Dutchman Mathijs van Dam has been living in Montreal, Canada, for a while now. From there he has been building a both on- and offline community that brings like-minded electronic dance music lovers together: The Flag Gang. It’s a community that is focused around unity and solidarity, the original core values of house music. This hobby has grown out to be a recognizable brand, especially with the lovers of bass music. We asked the founder to tell us about the establishment, the future visions and the behind the scenes.
The origins of The Flag Gang date back to mid 2016. That’s when Mathijs met his girlfriend Renata. She was someone he could go out with. Together, they went to a Steve Aoki show in the winter season of Montreal’s club New City Gas.
Because Renata comes from Brasil, she had brought a national flag to the rave. A popular trend at big, international EDM events.
“Everybody came to her and everybody had their own story of where they came from. That brought the people together.”
It is not for nothing that there’s a flag in the name and the logo of The Flag Gang. “I want that people start to talk”, he looks back. “The following show I carried along 10 flags and threw them around. I stood behind them and unknowingly took videos.”
With the assumption of it being a private platform, Mathijs put the footage on Instagram. People watched the videos, started recognizing and tagging each other. Without any knowledge of hastags and geotags, it was a leap of faith. The usage of it appeared to be effective. Users ended up at the account that way.
Bigger group photos came online as they reached 500 to a 1000 followers. Even strangers had to be on the pictures. More people in shot meant more people recognizing each other and more new people on the Instagram account. So they quickly grew out to 10.000 followers and the second year 30.000.
I wanted my own photo album, like the ones grandma and grandpa got
The growth isn’t that prompt anymore, but it’s not about mass anymore says Mathijs. “It’s about entertaining the people that we’ve got right now. We have the reputation, we’re now trying to engage in bigger projects. Think of our collaborations with Codd Dubz and Dirtyphonics.”
The logo of The Flag Gang has grown to be an easily identifiable icon in the festival community: a flag with a circle around it. One of the most well-known pieces of merchandise is the baseball shirt. It has space for a self-imposed number on the back and there’s space for colored stripes on the sleeves to showcase the national flags.
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“At the start of 2017 we won a meet & greet with Laidback Luke, that’s where it started. I had a big mouth and told him we already had an entire community. But he probably hears that more often. He kind of dismissed it as far as I’m aware. Later on, a friend of mine went to one of Luke’s shows and we wanted to give him a Flag Gang t-shirt. We succeeded in that and immediately posted a photo of it.”
“Then it was time for ÎleSoniq again, where Laidback Luke played the mainstage with our shirt. After that I sent a blogger to a show in Ottawa to write an article about him. Subsequently Luke played New City Gas again and invited us. We delivered him a jersey afterwards and he wore it in Miami.”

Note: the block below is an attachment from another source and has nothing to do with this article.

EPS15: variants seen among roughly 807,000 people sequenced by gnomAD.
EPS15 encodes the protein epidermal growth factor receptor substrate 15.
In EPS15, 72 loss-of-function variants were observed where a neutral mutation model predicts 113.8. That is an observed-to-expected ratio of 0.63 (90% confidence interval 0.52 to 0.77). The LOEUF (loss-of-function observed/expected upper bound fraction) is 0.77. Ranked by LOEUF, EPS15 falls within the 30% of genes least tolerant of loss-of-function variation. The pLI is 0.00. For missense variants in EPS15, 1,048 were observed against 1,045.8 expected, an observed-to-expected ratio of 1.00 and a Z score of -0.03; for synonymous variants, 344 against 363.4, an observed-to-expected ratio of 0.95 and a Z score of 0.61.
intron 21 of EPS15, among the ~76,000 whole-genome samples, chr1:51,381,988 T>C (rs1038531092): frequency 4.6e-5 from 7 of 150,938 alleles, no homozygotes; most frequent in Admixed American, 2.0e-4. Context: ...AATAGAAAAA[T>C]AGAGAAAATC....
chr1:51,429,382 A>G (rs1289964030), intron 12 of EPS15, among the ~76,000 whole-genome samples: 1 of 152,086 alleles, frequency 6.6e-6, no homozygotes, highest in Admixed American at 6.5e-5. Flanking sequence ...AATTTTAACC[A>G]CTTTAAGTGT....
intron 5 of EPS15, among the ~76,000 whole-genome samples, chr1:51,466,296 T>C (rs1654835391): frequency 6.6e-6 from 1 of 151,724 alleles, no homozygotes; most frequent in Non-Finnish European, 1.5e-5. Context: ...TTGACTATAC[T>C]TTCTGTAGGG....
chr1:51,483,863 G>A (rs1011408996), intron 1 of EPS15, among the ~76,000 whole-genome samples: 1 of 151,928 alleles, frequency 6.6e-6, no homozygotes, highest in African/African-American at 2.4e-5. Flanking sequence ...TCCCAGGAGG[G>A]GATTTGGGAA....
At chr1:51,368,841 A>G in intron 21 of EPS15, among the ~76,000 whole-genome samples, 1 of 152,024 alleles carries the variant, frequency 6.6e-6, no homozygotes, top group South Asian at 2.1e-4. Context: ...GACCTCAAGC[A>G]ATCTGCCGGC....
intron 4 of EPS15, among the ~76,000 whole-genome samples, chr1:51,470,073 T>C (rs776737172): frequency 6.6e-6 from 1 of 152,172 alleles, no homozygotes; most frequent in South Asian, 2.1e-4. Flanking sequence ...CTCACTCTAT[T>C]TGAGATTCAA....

The Flag Gang wants to give the regular dance lover a stage. “We aren’t Instagram-babes, but just the average ravers.”
Sitting back together and everyone is welcome. Furthermore we helped a lot of people with guest list spots. The mail goal is for people to party along. That’s something Mathijs and his girlfriend put a lot of effort into behind the scenes.
“Without the fans, this scene is nothing. This way we help each other. People like me too, who didn’t have friends before and did want friends. People want to be included to meet new people. There have been quite some people who met their friends and significant others here.”
Online vs offline
How many people truly live the lifestyle? That’s a question he can’t answer. “The people in Montreal that live the real lifestyle aren’t very active on our socials. The people on the pages are people from across the world. Therefor the content is something the EDM scene likes. In my opinion the two scenes thrive independently.”
“So you’ve got two independent Flag Gang communities. The online community and the offline, Montreal-based community. That was not my intent, but it just happened. I can stop the socials and live the lifestyle with the same people. On the other side: if I stop going out and sit at home, I can still do the pages.”
Online forums are for short-lived visits and contain a lot of hate; at ours, we’re helpful and kind to each other.
“We aren’t that special, we’re just a group of people going out. It’s about the values; we help each other and are kind to each other. That’s something we try to remind everyone. Sometimes there’ll be some shit, they fight and call for Mama Rave, my girlfriend.”
“Even if someone has been with us for just half a year, people never forget what they’ve gotten from others. I want to talk about music with other people all the time. Which artists and festivals do you like? Sometimes you visit forums, do that for 10 minutes and you’re out again. People aren’t open on them, there’s a lot of hatred.”
Mathijs knows that 90% of his audience are dubstep lovers, but still posts about Tchami. That’s the stuff he thinks is sick. His values are way above the things he knows would work better content wise.
“It is my creativity, but is also just my hobby. People are not dependent on this, so I can just keep experimenting.”
The Flag Gang